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Is it possible to have a MySQL master-slave setup where the master has no indexes (for faster insertion) and the slave will be indexed?

Thanks in advance!

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migrated from stackoverflow.com Jul 1 '13 at 18:51

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2 Answers

yes.

But 1) you have more trouble later on when doing maintenance on the tables (replicating alter statements might caue issues) and ypu might have issues when havin primary/unique/foreign keys on slaves only as it could reject data the master accepts

And 2) Slaves still have to insert the data and build indexes, yes the maser has a tiny bit less work, the overall system not, though.

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nice insights. do you have any suggestions? the db is used for logging. and it's huge. –  relaxhax Jul 1 '13 at 10:08
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WARNING : What I am about to suggestion is probably kind of dangerous, so read this very carefully ...

You could setup a Master that has tables and indexes BUT NO DATA...

Right now, you are probably saying "Huh ???"

I repeat, a Master that has tables and indexes BUT NO DATA...

How did you do that?

Take every table in the Master and convert them to use the BLACKHOLE Storage Engine. Here is script to convert all user-defined table to BLACKHOLE:

echo "SET SQL_LOG_BIN = 0;" > ConvertEverythingToBlackhole.sql
MYSQL_USERPASS="-uroot -ppassword"
MYSQL_PORT=3306
MYSQL_CONN="-h127.0.0.1 -P${MYSQL_PORT} ${MYSQL_USERPASS}"
SQLSTMT="SELECT CONCAT('ALTER TABLE ',table_schema,'.',"
SQLSTMT="${SQLSTMT} table_name,' ENGINE=BLACKHOLE;') BlackholeConversionSQL"
SQLSTMT="${SQLSTMT} FROM information_schema.tables WHERE table_schema NOT IN"
SQLSTMT="${SQLSTMT} ('information_schema','mysql','performance_schema')"
MYSQL_OPTIONS="--skip-column-names -A"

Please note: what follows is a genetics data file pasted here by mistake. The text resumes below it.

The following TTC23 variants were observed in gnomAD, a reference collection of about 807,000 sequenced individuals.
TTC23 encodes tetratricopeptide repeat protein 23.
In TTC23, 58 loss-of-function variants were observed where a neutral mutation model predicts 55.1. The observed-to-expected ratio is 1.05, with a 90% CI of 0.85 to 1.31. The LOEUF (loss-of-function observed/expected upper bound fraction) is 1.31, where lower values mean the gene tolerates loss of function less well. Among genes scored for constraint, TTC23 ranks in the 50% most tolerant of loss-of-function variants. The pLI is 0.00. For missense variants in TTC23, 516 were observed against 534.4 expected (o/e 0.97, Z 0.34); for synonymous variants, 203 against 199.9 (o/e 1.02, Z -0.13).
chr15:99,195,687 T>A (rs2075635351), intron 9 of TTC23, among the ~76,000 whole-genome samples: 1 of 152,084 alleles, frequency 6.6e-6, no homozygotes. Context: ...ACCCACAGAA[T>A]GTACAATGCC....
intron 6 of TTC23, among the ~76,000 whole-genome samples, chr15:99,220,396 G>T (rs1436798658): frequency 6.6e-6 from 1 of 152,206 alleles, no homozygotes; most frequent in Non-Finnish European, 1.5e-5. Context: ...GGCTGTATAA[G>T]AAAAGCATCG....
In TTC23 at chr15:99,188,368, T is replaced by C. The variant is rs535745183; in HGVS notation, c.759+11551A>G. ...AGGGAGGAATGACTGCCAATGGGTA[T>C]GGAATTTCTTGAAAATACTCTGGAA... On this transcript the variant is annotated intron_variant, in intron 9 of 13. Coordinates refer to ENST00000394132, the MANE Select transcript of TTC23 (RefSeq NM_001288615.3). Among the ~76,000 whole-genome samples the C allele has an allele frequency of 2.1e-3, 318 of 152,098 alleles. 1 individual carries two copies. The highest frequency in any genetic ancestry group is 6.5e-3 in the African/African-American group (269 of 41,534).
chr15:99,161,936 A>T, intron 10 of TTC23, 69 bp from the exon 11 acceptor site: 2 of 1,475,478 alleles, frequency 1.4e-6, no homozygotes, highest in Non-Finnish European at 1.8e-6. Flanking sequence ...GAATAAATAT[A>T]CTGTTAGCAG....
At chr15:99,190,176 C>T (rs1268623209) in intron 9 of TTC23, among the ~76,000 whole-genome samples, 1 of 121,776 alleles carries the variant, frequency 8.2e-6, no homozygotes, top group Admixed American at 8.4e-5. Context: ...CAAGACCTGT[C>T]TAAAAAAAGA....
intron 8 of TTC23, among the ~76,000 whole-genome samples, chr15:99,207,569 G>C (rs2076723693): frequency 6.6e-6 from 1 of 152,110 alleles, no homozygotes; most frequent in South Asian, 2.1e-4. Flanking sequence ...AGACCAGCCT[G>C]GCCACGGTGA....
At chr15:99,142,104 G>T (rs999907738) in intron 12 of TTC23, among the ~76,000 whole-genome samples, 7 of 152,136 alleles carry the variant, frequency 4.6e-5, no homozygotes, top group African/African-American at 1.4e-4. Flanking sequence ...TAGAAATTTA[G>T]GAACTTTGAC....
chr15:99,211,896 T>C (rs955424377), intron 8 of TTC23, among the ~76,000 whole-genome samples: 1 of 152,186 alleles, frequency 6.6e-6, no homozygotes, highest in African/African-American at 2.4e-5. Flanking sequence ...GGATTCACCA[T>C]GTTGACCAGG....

mysql ${MYSQL_CONN} ${MYSQL_OPTIONS} -e"${SQLSTMT}" > ConvertEverythingToBlackhole.sql

Execute this script only on the Master. Backup the Slave just in case.

What are the Benefits ?

  • No space taken for data
  • No space taken for indexes
  • Only Disk I/O
    • Reads for accessing table structures
    • Writes for writing binary logs

Any gotchas, pitfalls, traps with this approach ?

GOTCHA #1 : You cannot do the following on the Master

  • ALTER TABLE ... ENGINE=MyISAM;
  • ALTER TABLE ... ENGINE=InnoDB;

You can only do that on the Slave. That will create the table to hold manifested data again on the Master, which you need to avoid.

As for any other ALTER TABLE ..., if you

ALTER TABLE ... ;

on the Slave, go back to the Master and run

SET SQL_LOG_BIN = 0; ALTER TABLE ... ;

to make sure the table structures match.

GOTCHA #2 : You cannot read any data anymore from the Master

You must do all writes to the Master and all reads from the Slave

GOTCHA #3 : Heavy Network Latency can still introduce some Replication Lag

Even though writing data is much faster this way, network problems may prevent needed data from showing up on the Slave in time to read. SUGGESTION : Try using a crossover cable on a separate NIC, assigning it the 192.168.0.x netblock to replicate over in order to prevent replicating through switches, firewalls, long routes, etc.

GOTCHA #4 : There is still diskspace for Binary Logs being piled up

SUGGESTION : Set expire_logs_days to a small number, like 2 or 3. I would not use 1 because you need to fix the Master in less then 24 hours. Having a 1 or 2 day cushion will help.

First, add this to /etc/my.cnf

mysql> SET GLOBAL expire_logs_days = 2;

GOTCHA #5 : No High Availability or Data Redundancy

Scenario #1 : If the Master goes down, point your writes at the Slave and work on reconfiguring everything ASAP. That's a lot of manual labor. Make sure you have a good runbook for this situation.

SUGGESTION: Setup the following

  • DRBD/UCARP or DRBD/LinuxHeartbeat for the Master
  • DBVIP for the DRBD Primary
  • Configure Writes to the DBVIP

This will give you high availability for writes

Scenario #2 : If the Slave goes down, AAAHHHH !!!! No data read !!!!

Need I say anything else wrong with this ???

SUGGESTION: Setup Multiple Read Slaves

This will facilitate Data Redundancy. Use one of the Slaves to do mysqldump backups (if the database is fairly small) or LVM snapshots (if the database is fairly large)

Give it a Try !!!

CAVEAT : Make plenty of backups of everything before implementing any of this !!!

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